Established 1826 — Oldest College Newspaper West of the Alleghenies



Few and far between: fully vaccinated college students

Only about 7.5% of the U.S. population has been fully vaccinated as of March 1, according to NPR’s COVID-19 Vaccine Tracker. Under the CDC’s three-phase distribution plan, college students are not scheduled to get their doses until phase three. Ohio has not released estimated dates for phase three of distribution.  


A squeamish woman’s experience with donating her plasma

I was eventually led to the blood drawing area: a row of chairs attached to carts holding tubes and blood bags. I started to feel nauseous – I hate needles, and bodily fluids make me squeamish. Nevertheless, my desire for a free shirt carried me through, and I sat down and prepared to be harvested.

Miami students and alumni see the spike in hate crimes as a symptom of a media that doesn’t meaningfully address anti-Asian racism and its significance in American society. Graphic by Kayla Lynskey.

Students question media coverage of anti-Asian racism

  This February, as both Asian and Asian American Miami University students enjoyed the Lunar New Year, a nationwide spike in hate crimes against the Asian community dampened the celebration. Both the Oxford Police Department (OPD) and Miami University Police Department (MUPD) have not received any official reports of hate crimes against Asian or Asian American people over the past year. However, Miami’s Asian and Asian American students are disheartened by the anti-Asian racism in the United States, as well as the media’s lack of coverage of these events.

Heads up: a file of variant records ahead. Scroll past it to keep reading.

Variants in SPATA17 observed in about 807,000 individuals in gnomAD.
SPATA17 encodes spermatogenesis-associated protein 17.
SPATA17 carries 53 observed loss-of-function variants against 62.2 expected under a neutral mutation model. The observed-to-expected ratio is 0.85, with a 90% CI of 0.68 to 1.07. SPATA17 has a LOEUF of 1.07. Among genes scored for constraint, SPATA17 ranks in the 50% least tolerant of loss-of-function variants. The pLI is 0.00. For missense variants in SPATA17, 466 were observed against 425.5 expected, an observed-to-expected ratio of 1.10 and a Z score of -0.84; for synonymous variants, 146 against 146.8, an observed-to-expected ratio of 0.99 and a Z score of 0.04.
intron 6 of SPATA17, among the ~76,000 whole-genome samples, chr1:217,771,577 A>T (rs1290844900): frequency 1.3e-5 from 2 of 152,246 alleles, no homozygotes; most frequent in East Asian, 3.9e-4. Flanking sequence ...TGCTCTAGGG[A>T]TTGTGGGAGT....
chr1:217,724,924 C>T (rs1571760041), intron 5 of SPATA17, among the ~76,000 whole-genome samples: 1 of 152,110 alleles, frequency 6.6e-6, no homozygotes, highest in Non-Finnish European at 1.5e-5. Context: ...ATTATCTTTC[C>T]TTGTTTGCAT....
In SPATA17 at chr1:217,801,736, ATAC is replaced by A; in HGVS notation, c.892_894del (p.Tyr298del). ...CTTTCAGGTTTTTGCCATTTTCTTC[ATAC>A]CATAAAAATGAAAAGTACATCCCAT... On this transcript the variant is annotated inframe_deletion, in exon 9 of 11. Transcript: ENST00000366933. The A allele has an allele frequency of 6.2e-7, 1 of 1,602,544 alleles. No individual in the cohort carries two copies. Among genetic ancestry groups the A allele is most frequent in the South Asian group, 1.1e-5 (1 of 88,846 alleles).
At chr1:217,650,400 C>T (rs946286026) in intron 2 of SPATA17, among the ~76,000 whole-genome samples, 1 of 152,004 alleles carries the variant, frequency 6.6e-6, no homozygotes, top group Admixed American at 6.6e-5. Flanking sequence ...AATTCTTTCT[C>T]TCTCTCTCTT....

Miami moves toward transparency with improved COVID-19 communication

Last semester, Miami University students received information on the COVID-19 pandemic through emails from President Crawford, the offices of the Provost, student life, residence life, student health services and university communications. This semester, the sources of information have been narrowed down to two: the division of student life and the COVID-19 response team. 


“In light of COVID, it’s the appropriate thing to do”: Students and faculty prepare for ‘wellness days’

  Miami University students and faculty must adjust to a different semester format this spring, as the traditional week-long spring break has been replaced with a series of “wellness days.” These wellness days occur roughly once a month and were implemented to prevent students from traveling to many different locations and bringing COVID-19 back to Oxford. Professors are not allowed to hold classes or assign work on these days.

A weekly update of Miami University's COVID case statistics.

Miami University contact tracers hope to reduce COVID-19 spread one call at a time

  Since May, a team of less than 100 Miami University public health students, faculty and staff have been working as contact tracers in an effort to help inform, educate and support those who tested positive for COVID-19 across Butler County. The main goal of the program is not only to help those testing positive for COVID-19, but also to give students in the public health field hands-on work and training in the midst of the pandemic.


New Year, New You: Miami students tackle New Year's Resolutions

Throughout the past year, the nation endured a number of challenges. 2020 was the year that felt like the same day kept happening over and over again like in Harold Ramis’s movie “Groundhog Day.” Even as 2020 came to an end, the outlook of 2021 was still unclear. So what does this mean for 2021 New Year’s resolutions? Where does one even begin? 

Low staffing has forced several dining facilities, such as Bell Tower and several restaurants in Armstrong, to remain closed this semester.

Students’ dining options remain limited

Eight dining locations at Miami University will be closed for the spring semester, according to the university’s dining website. Cafe Lux, Haines', Garden Market, Maplestreet Commons Express, Withrow Starbucks, The Greystone and Dorsey Market will all be closed for the duration of the semester.